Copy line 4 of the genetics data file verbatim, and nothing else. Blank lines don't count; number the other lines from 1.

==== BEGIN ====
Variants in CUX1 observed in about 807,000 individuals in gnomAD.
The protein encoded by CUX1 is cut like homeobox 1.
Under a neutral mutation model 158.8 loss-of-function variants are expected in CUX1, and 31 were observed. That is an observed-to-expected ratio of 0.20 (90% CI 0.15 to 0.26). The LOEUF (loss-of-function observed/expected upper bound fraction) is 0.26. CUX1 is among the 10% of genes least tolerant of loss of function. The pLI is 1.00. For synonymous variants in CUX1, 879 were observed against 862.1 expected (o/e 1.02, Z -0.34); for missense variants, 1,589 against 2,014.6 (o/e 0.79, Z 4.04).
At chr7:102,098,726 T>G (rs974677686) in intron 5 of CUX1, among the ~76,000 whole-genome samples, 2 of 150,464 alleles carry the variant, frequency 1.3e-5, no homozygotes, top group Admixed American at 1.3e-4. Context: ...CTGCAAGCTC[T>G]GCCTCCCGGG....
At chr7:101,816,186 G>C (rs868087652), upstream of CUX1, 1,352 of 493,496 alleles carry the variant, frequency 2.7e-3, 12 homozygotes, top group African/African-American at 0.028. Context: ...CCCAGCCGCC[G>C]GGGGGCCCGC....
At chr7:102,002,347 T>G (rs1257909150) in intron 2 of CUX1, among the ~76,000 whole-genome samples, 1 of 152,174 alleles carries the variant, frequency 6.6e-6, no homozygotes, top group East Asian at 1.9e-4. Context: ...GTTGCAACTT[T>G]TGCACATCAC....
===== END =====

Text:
At chr7:102,098,726 T>G (rs974677686) in intron 5 of CUX1, among the ~76,000 whole-genome samples, 2 of 150,464 alleles carry the variant, frequency 1.3e-5, no homozygotes, top group Admixed American at 1.3e-4. Context: ...CTGCAAGCTC[T>G]GCCTCCCGGG....